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Clemson Football

On the record: Bob Gillespie

June 18, 2020

Earlier this summer, we sat down with longtime sports journalist Bob Gillespie to talk about his life in sports covering both Clemson and South Carolina. During Bob's incredible career, he had a chance to cover some of the most significant sports stories in the Palmetto State.

From his beginnings in the business, through his memories of the Joe Morrison and Sterling Sharpe at South Carolina, plus Dabo Swinney building a monster program at Clemson, Gillespie shares some wonderful memories from his time in as a journalist.

Sterling Sharpe and his interactions with him:

"Sterling was probably the most dynamic receiver I ever saw at South Carolina. He wasn't a big guy, good size, but not overly large or anything like that. But he was fast. He was quick, and he was extremely smart. I saw him make plays at wide receiver that you just go, 'wow, that's amazing stuff.'"

"There's been a lot of great receivers that came along at South Carolina since him, but to this day, I think he has a special place. Had he been able to play a little longer in the NFL? There's no question he'd be in the Hall of Fame, as well. His brother, like you said, Shannon, would probably tell you. Sterling was the best athlete in the family until he had those neck injuries that forced him to retire."

"He shut down basically, for a long time. He just wasn't talking to them, and not only was he not talking to them, he comes home to South Carolina, he wouldn't talk to the local media. He just had nothing to do with anybody. I can clearly recall a time walking through an airport going to catch a plane, and he's coming from the other direction I see him, and I go, 'Hey, Sterling. How's it going? And [he'd] just cruise right on by."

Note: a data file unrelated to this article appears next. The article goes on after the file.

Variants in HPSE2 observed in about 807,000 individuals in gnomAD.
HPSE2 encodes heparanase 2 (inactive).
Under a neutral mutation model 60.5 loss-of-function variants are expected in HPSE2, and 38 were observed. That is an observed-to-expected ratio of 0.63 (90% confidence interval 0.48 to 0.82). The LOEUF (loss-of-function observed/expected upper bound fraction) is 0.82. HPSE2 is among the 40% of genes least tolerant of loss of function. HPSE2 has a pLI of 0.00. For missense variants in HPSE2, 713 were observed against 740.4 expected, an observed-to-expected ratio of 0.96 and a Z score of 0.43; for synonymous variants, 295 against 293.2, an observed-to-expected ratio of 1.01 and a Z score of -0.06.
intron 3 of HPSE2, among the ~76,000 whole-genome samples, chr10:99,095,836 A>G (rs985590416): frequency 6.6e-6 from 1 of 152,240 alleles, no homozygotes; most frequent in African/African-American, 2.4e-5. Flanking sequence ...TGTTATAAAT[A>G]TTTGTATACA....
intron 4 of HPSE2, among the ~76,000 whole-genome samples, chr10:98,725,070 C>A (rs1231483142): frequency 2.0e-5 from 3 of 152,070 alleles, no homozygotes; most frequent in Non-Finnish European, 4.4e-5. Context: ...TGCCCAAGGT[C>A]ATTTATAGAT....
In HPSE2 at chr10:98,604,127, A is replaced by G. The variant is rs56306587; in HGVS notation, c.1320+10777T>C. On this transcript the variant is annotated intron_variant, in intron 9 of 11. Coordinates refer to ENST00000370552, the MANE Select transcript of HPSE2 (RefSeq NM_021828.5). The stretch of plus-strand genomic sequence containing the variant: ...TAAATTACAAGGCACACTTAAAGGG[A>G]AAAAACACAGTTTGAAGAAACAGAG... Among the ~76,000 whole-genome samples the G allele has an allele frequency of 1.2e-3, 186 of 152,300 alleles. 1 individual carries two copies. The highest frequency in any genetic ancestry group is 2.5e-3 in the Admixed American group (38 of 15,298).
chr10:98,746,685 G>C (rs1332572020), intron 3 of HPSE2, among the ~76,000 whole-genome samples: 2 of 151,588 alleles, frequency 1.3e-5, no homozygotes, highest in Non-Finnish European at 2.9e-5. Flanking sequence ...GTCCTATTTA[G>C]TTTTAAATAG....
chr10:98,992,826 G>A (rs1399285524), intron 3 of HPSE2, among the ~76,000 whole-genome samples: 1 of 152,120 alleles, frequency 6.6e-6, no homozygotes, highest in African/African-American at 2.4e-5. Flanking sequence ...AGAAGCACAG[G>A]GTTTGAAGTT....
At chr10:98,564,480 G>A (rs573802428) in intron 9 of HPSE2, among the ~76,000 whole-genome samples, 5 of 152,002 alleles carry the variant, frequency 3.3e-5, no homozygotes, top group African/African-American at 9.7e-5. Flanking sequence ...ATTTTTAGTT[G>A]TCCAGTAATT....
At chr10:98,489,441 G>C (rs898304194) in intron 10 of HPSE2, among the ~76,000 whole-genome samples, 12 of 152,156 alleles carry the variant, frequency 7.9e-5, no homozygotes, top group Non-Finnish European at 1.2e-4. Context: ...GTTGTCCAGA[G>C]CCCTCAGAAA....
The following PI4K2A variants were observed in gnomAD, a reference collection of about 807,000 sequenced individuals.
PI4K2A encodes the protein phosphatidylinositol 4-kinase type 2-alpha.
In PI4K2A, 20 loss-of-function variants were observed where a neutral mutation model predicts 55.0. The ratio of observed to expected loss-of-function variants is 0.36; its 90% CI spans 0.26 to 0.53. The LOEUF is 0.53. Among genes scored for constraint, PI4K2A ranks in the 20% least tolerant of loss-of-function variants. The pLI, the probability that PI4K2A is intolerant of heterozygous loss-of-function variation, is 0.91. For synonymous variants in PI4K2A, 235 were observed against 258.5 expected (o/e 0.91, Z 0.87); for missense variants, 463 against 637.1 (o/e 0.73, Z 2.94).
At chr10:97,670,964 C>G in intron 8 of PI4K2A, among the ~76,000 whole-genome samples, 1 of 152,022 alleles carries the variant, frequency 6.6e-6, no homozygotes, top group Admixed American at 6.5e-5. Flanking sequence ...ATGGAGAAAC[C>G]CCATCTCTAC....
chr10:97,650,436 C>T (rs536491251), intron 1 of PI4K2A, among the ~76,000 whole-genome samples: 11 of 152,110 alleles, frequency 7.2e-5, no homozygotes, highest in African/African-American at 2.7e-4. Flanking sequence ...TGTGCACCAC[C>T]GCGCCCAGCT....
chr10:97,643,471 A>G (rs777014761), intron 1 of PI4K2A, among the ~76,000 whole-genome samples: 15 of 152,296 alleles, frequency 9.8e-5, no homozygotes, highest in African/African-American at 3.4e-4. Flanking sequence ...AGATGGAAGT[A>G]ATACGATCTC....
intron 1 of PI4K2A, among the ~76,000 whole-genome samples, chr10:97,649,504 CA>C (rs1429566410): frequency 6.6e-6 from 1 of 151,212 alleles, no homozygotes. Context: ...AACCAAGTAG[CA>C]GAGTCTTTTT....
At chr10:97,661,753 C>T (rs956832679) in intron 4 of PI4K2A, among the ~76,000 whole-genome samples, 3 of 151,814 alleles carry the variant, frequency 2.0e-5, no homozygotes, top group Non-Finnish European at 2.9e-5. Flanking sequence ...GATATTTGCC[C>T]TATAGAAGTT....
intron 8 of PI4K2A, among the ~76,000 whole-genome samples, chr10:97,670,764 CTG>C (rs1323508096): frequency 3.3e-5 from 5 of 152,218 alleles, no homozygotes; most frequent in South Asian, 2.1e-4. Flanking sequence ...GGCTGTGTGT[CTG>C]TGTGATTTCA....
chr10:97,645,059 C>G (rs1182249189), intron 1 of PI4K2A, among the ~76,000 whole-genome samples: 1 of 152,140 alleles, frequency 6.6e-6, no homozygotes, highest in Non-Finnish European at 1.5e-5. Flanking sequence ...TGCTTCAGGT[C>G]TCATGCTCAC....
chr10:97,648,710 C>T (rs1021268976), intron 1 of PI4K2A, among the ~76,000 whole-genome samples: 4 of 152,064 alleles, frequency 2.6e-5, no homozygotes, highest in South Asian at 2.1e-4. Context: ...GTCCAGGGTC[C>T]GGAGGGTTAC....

© Kirby Lee-USA TODAY Sports
Dabo Swinney raises up his first College Football Playoff Championship Trophy after knocking off Alabama in Tampa, Florida.

On Dabo Swinney and the success he's had at Clemson:

"I did a story for The State. It was basically, what is life like for Dabo Swinney six months after he played for the national championship? He was very cooperative. He wasn't the most accessible, but his wife was fabulous on the phone. I base a lot of who people are on what other people who are around them tell me, and I don't mean the assistant coaches. [They] are going to tell you how brilliant and wonderful and what a great human being he is, but just people who work around Clemson that [have] gotten to know him. And almost to a man and a woman, everybody likes this guy. Not only likes him but respects him, and not just respect him as a person, but respects him as a leader. Now again, there are going to be naysayers anytime, but everything I have been able to ascertain is, he's the real deal."

"I mean, he can coach for another 15, 20 years easily. He seems to enjoy it enough that he could, and by the time that ends, the only way Dabo Swinney doesn't coach until he retires at Clemson is if he wants to do something else. There's no way. You win two national championships; you're bulletproof. Unless you do something stupid or something illegal, and I don't see that happening."

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On the record: Bob Gillespie

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